The menace in the machine

epa05158605 Participant's of the Libya meeting (L-R) Martin Kobler, Special Representative of the Secretary General and Head of the Support Mission in Libya, Federica Mogherini, President of the European Commisssion, Sameh Hassan Shoukry, Minister of Foreign Affairs of Egypt, Jean-Marc Ayrault, French Minister for Foreign Affairs, Paolo Gentiloni, Minister for Foreign Affairs of Italy, unidentified , John F. Kerry, US Secretary of State and Frank-Walter Steinmeier, German Minister for Foreign Affairs pose prior to the meeting on the sidelines of the second day of the 52nd Munich Security Conference (MSC) in Munich, southern Germany, 13 February 2016. The 52nd Security Conference runs until 14 February 2016.  EPA/CHRISTOF STACHE

The Munich Security Conference is an annual catalog of horrors. But the most ominous discussion last weekend wasn’t about IS terrorism but a new generation of weapons — such as killer robots and malignly programmed “smart” appliances that could be deployed in a future conflict.
Behind the main events at the annual discussion of foreign and defense policy here was a topic described in one late-night session as “The Future of Warfare: Race with the Machines.” The premise was that we are at the dawn of a new era of conflict in which all wars will be, to some extent, cyber wars, and new weapons will combine radical advances in hardware, software and even biology.
Espen Barth Eide, the former foreign minister of Norway, imagined a future weapon that fuses GPS guidance, facial-recognition technology and artificial intelligence and can be programmed like an electronic hit man. Kenneth Roth, the head of Human Rights Watch, noted the advantages of such “killer robots” for military planners: They don’t get tired, they wouldn’t get scared, and they would exercise consistent, if merciless, judgment.
“The genie will come out of the bottle,” predicted retired Adm. James Stavridis, a former NATO commander who now runs the Fletcher School of Law and Diplomacy at Tufts. He noted that “warfare has always been a process of invention and adjustment.” A century ago, many people thought submarines were terrifying and unethical. Compared with, say, land mines or nuclear bombs, the effects of the new high-tech weapons may be less toxic and more precise.
Guests at a “Cyber Dinner” hosted here by the Atlantic Council considered the dawning world of killer appliances. In the coming “Internet of Things,” speakers noted, there will soon be more than 30 billion smart chips embedded in cars, elevators, refrigerators, thermostats and medical devices. These pervasive, connected systems may well have poor security and be easily hackable.
The big worry in the future, argued several tech experts at the dinner, may not be data privacy — forget about that — but data security. “You can know my blood type, but don’t change it,” one speaker explained. Hackers may be able to alter data in financial markets, hospitals and electronic grids — paralyzing normal economic and social activity.
The rapidly evolving interface of technology and security was one theme of an unusual panel discussion here that brought together intelligence chiefs from the US, Britain, the Netherlands and the European Union. Spy chiefs don’t usually attend such foreign policy gatherings, least of all in Germany, a country with a deep mistrust of intelligence agencies. But led by James Clapper, the US director of national intelligence, this group made a collective pitch for greater transparency on intelligence issues as technology empowers individuals and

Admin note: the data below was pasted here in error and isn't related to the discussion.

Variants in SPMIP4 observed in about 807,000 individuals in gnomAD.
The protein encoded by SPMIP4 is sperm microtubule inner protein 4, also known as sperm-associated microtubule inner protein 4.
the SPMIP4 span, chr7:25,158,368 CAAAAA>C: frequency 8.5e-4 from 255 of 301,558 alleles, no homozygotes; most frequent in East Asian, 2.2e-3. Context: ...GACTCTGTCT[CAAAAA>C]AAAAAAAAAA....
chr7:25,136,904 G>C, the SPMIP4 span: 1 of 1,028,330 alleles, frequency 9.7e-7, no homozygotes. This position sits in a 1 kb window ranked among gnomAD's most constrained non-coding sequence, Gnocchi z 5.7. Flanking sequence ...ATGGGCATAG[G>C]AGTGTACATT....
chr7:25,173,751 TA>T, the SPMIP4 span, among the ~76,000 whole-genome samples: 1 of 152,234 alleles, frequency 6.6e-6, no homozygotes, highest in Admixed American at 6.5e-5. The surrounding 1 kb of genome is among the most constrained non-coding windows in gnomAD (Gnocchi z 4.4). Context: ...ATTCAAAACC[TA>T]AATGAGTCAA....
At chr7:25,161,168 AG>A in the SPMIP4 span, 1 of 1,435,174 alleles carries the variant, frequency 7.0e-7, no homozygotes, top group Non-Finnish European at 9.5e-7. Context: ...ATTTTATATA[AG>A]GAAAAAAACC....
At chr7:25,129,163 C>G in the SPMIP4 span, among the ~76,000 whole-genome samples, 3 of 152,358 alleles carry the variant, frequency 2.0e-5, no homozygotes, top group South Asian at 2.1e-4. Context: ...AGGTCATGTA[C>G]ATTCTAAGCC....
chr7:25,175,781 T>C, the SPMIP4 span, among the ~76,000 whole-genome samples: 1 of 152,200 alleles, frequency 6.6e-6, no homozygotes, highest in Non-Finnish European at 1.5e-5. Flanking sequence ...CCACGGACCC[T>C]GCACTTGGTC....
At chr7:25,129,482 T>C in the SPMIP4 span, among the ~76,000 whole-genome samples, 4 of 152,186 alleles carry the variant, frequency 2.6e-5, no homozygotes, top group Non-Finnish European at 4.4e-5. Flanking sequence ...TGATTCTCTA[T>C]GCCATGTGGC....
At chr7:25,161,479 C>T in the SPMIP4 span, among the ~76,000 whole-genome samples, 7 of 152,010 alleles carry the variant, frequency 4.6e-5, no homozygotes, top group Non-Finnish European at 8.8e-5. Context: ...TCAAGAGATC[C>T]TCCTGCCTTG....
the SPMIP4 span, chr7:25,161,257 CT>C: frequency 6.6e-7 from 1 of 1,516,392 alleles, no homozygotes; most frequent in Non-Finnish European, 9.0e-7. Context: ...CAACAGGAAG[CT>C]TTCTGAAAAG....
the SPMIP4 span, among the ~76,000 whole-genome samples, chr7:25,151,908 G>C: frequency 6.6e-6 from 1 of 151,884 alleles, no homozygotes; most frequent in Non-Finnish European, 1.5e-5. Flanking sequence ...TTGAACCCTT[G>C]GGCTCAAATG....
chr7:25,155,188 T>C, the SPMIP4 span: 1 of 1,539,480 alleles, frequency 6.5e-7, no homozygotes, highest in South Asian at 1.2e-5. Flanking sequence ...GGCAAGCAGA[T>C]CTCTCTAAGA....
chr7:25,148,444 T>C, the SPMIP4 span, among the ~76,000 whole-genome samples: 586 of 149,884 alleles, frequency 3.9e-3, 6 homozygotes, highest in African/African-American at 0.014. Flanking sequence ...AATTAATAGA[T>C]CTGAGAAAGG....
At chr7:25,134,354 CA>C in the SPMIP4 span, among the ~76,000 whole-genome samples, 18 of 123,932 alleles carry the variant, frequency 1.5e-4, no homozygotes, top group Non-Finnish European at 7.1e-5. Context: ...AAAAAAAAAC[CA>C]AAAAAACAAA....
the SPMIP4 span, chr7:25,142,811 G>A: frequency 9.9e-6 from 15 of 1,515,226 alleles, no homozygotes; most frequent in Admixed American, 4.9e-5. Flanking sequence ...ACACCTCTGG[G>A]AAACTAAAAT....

Clapper opened the door on the brave new world of weaponry with his annual threat-assessment testimony last week before Congress. He made headlines with comments about the explosive growth of the IS and Russia’s onslaught against Syrian rebels. But the most surprising part of Clapper’s testimony involved technology — especially the mischievous uses of the “Internet of Things” (or IoT), smart devices embedded in vehicles, appliances and other computer products.
“In the future, intelligence services might use the IoT for identification, surveillance, monitoring, location tracking and targeting for recruitment, or to gain access to networks or user credentials,” Clapper told Congress. And he warned in his testimony that as artificial intelligence is built into weapons, they will be “susceptible to a range of disruptive and deceptive tactics that might be difficult to anticipate or quickly understand.”
Iran’s Press TV predictably read Clapper’s testimony as a threat that America is about to enlist the world’s refrigerators as agents of the Great Satan: “The head of the US intelligence community has acknowledged for the first time that American spy agencies might use a new generation of smart household devices to increase their surveillance capabilities,” the Iranian news agency warned.
American, Russian and Chinese ability to use these New Age weapons is indeed worrisome. But more frightening is the ability of terrorist groups, whose signature may not always be discernible, to use cyber and other high-tech skills. The IS has already used chemical weapons in battle, according to Clapper, and the group is known to be working with drones. The next step, experts here said, may be bioweapons.
“We may look back on the good old days when all we had to worry about was nuclear weapons,” said Eide. That sounds like a joke, until you think about what’s ahead.

— Washington Post Writers Group

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David Ignatius, best-selling author and prize-winning columnist for the Washington Post, has been covering the Middle East and the CIA for more than twenty-five years

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